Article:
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Crack and orange strain around uPVC window

  • 04-09-2022 6:05pm
    Registered Users Posts: 125 ✭✭

    Hi all,

    Just looking for some suggestions as to what this might be.

    The window at the back of the mothers house has developed some cracks, above the window there is a small crack appearing on the grey wall and also around the uPVC window itself, there is also this orange/green stain which can be cleaned but returns.

    For some context this is on the an extension with flat roof, the roof was replaced around October 2021. The extension has been there 20 odd years.

    Here are some pictures of what I'm talking about

    Any suggestions or advice would be great.


  • Registered Users Posts: 1,889 ✭✭✭whizbang

    Loke like a water stain where water is exiting, maybe entering through the crack above the window reveal.

    Open this up and fill it and seal it properly.

    Seems a lot though; any chance theres a leak somewhere else? Dampness in the wall inside maybe ?

  • Registered Users Posts: 5,569 ✭✭✭10-10-20

    That looks like a failing window lintel due to water ingress alright. What year was the extension built? I can also see the marks from what appears to be pumped insulation in the wall above the window, when was this completed? What room is this (kitchen/bathroom)? Are any other windows showing similar signs?

    The lintel is a stainless-steel or galvanised component which supports the bricks above the window over the length of the window.

    The lintel is created with a lip sloping downwards to allow any moisture which collects on it to move to the outside leaf. Newer lintel installs require weep-holes along their length to allow for some drainage, but these were not included in older houses. In your case as whizbang mentioned, you could either have moisture tracking in from the crack above the window, or more likely moisture is collecting within the wall as condensate and working downwards. The former is somewhat unlikely as there would have had to be a crack there first, so it's a chicken & egg scenario in that regards. It appears to have caused the lintel to weaken, opening that horizontal crack even further and probably allowing more moisture to enter.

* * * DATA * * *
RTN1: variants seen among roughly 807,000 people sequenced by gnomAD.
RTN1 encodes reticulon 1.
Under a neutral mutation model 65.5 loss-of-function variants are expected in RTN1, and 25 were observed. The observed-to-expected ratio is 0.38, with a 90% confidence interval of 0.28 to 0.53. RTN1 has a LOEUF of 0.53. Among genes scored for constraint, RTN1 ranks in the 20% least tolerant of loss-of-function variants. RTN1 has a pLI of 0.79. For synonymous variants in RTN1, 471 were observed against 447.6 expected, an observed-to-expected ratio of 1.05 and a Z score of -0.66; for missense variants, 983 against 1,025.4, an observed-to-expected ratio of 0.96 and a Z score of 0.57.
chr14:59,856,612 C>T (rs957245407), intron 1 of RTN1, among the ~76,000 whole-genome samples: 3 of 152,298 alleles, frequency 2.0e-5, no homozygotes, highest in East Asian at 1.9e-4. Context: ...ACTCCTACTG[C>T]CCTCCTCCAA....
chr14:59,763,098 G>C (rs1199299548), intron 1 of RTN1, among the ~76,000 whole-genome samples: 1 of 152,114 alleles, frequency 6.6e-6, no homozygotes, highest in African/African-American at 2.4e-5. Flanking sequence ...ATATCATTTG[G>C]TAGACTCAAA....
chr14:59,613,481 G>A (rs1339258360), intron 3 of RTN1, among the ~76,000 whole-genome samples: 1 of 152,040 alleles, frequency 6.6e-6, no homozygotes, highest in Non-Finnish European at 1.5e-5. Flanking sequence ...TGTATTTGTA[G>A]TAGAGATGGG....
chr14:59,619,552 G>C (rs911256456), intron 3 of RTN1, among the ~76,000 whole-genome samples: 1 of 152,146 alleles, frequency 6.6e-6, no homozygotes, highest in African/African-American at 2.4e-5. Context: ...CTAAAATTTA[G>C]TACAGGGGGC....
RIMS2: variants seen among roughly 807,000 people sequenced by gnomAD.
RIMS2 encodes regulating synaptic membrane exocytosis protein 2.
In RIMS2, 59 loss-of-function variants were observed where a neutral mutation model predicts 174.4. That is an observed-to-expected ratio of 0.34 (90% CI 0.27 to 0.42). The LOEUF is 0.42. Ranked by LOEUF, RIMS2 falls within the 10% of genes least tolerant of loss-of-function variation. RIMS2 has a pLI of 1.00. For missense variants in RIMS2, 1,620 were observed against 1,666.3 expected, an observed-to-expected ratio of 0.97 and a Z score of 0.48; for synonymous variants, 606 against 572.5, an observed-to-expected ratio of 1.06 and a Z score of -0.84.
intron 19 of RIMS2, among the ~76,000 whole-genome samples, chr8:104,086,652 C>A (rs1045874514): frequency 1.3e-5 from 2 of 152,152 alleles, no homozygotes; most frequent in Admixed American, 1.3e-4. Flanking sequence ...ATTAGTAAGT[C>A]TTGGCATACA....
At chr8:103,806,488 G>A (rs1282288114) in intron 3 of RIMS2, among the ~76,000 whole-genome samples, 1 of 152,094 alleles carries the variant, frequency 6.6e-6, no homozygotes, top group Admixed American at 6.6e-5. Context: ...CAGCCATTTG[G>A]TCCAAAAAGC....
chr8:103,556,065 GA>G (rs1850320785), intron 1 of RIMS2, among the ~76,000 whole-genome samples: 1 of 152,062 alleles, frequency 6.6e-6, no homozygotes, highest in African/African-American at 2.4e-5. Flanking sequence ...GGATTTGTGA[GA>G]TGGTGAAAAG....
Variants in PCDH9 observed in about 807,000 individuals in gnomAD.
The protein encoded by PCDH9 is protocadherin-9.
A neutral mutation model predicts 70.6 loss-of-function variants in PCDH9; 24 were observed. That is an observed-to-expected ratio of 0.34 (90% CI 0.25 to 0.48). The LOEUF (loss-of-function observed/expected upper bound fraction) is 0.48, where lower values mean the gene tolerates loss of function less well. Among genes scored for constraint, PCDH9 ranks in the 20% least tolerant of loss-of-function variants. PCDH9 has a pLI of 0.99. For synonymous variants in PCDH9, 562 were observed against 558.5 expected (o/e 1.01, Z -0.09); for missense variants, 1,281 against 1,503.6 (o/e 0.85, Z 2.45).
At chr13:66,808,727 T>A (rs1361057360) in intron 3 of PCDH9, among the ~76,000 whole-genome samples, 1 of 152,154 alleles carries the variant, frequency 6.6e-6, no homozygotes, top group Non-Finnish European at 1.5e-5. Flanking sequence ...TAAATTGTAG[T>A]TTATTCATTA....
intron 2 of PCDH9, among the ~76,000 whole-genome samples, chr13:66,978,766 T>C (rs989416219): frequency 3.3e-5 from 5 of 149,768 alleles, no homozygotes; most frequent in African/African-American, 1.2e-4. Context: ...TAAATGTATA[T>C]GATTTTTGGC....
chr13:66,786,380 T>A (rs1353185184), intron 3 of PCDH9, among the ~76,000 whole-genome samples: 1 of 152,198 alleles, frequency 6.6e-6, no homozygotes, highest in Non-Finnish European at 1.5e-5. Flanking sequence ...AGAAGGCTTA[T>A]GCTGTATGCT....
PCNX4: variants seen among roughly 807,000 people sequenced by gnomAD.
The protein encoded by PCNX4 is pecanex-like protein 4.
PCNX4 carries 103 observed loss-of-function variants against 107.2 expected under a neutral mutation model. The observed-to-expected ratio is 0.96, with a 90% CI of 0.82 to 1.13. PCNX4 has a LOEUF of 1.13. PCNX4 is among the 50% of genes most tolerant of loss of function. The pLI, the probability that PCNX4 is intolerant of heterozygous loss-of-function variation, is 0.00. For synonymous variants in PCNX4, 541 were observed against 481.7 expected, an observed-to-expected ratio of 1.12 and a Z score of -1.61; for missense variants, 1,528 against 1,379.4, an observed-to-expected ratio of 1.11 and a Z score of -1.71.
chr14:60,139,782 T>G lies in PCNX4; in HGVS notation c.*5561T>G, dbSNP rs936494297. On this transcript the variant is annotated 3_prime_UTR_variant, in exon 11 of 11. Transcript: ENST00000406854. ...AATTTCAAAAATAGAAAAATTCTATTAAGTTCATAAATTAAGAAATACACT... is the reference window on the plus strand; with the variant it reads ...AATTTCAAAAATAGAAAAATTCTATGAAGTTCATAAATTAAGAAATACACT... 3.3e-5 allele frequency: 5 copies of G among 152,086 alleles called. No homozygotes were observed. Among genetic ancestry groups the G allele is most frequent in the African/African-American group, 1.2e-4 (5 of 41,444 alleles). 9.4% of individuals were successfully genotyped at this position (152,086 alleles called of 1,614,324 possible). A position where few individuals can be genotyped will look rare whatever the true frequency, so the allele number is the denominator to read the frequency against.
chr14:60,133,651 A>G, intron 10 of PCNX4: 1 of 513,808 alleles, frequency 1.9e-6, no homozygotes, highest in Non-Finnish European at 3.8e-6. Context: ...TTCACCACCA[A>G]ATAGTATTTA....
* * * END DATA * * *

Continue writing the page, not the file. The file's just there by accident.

The risk here would be that the upper reveal (the white-painted concrete) could fail and/or that the bricks above will weaken. You'd be best advised to engage a professional to identify the cause of the moisture and recommend remediation. I'd hope that replacing the lintel by removing the lowest course of blocks and supporting the remaining blocks above would suffice once the moisture source has been dealt with.

    Post edited by 10-10-20 on

  • Registered Users Posts: 71 ✭✭bfclancy2

    99.9999% sure that a steel lintel was not used in this scenario, yet to see the under side of steel lintel plastered such as is shown in the OPs images. Prestressed concrete lintel most likely used. Its rendered so no need for weep holes, these are never used in this application.

  • Registered Users Posts: 5,569 ✭✭✭10-10-20

    Looking again at the close-up of the sash window, there are seemingly two 'residues' on the top frame of the window unit. First is a green algae which clings to the top portion of the frame and the second is a reddish rusty residue which appears to have traveled with the water and remains around where the sash seals with the frame. To me, the algae is a sign of prolonged damp.

    If it was a pre-stressed concrete lintel, then it likely has steel reinforcing, right? Could we be looking at spalling within the concrete from expansion of the steel due to retained moisture (from an unknown source), with the residue moving outwards with weeping moisture.

    Then looking at the rough finish to the render/paint on the wall to the right of the windows, could we be looking at a bloom due to dampness from the flat roof above?